Be a Part of the Crab Bank Story

Be a Part of the Crab Bank StoryIn 2018, the people of Charleston rallied for Crab Bank. Many of you made donations, wrote letters or raised your paddles high at the Save Crab Bank Paddle. It was truly a community effort to protect something that we know is important. And the next chapter of this critical seabird rookery is about to begin. 

The Coastal Expeditions Foundation and Audubon South Carolina invite you to witness the restoration of Crab Bank Seabird Rookery as our guest.  

All Fall, we’re offering complimentary boat and sea kayak tours to this vital nesting island so you can share in the story of Crab Bank. 

In the coming year, this critical nesting island will be restored to over 20 acres of high-ground for brown pelicans, black skimmers, American oystercatchers, multiple species of terns and herons, and more. This State Heritage Preserve will yield tens of thousands of young birds into wild populations as a result of our collective efforts. 

This adventure departs from our Shem Creek flagship location in route to the protected edge of Charleston harbor. Coastal Expeditions guides will provide interpretation specific to the Crab Bank effort as a critical part of only five protected bird-nesting islands on the South Carolina coast.

These 2-hour, family-friendly tours are made possible by a grant through National Fish & Wildlife Foundation (NFWF).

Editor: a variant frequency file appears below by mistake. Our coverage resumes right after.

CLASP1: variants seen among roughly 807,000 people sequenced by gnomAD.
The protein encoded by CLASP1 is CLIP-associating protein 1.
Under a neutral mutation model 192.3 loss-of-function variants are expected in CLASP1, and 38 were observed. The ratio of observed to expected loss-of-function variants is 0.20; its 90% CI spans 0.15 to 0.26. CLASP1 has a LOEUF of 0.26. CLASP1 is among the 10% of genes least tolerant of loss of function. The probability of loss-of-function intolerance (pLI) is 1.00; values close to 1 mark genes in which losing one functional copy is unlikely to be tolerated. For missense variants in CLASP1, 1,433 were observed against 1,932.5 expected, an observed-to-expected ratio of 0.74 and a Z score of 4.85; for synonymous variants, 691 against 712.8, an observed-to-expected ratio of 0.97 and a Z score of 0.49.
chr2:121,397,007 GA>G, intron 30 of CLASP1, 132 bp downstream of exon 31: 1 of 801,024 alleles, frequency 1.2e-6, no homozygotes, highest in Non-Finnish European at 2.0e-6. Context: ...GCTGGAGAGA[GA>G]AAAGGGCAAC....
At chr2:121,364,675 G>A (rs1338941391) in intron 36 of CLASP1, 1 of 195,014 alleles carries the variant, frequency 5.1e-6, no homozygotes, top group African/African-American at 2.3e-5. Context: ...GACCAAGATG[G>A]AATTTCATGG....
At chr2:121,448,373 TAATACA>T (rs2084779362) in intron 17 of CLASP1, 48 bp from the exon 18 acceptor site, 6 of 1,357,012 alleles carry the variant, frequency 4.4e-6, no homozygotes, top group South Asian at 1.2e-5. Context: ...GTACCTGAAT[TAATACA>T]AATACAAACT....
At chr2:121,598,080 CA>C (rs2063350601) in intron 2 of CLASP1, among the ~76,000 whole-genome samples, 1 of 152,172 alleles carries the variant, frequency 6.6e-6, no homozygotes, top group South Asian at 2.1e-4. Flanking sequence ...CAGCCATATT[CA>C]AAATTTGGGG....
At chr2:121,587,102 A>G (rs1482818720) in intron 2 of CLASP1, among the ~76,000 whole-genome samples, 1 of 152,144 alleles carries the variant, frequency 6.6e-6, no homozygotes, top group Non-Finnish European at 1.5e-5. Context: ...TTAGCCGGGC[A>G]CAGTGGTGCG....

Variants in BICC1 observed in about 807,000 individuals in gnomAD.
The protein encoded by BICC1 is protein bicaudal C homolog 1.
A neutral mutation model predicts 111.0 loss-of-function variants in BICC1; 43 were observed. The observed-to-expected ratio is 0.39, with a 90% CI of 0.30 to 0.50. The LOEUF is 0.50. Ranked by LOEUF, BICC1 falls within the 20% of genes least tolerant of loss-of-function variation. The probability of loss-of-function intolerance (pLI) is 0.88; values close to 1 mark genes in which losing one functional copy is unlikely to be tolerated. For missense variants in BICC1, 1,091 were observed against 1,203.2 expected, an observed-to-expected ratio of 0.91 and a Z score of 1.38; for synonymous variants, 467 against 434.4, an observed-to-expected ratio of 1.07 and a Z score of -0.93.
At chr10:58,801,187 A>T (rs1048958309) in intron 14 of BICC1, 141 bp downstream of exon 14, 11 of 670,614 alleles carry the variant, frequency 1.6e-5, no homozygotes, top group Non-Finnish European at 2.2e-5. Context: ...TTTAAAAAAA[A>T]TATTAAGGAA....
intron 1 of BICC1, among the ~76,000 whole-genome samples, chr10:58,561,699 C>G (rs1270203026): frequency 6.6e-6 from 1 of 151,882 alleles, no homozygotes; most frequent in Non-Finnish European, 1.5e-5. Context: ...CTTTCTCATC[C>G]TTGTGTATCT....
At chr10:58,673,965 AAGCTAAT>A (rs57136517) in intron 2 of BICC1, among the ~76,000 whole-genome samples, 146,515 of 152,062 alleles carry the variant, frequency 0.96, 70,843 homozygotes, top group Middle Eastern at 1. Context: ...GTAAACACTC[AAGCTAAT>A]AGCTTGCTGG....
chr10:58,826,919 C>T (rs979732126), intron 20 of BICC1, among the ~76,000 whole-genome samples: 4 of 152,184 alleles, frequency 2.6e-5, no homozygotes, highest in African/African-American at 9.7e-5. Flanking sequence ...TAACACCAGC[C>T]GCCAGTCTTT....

Gather your family and friends and come out with us on one our tours- everyone is welcome! Book your boat or sea kayak spots now!

Restoration of Crab Bank Seabird Sanctuary has been a true community project. The Coastal Expeditions Foundation has been proud to work alongside Audubon South Carolinathe Coastal Conservation LeagueSouth Carolina Department of Natural Resourcesand South Carolina Wildlife Federation and YOU to make it a reality.

Check Dates & Reserve Your Spots!

KAYAK TOURS

BOAT TOURS

When you book, you’ll be asked to hold your reservation with a credit card at $20/person. You won’t be charged unless you are a no-show. If you can’t make it, give us as much notice as possible so that others may go in your place.
Outings may be filmed by a documentarian, Adam Boozer of Jewell & Ginnie LLC, to be made into a film capturing the rebirth of Crab Bank over the next year.

COVID-19 safety: When you are on the Coastal Expeditions campus and on the boat, everyone is expected to socially distance and wear a mask. On sea kayak tours, you may remove your mask once you are on the water.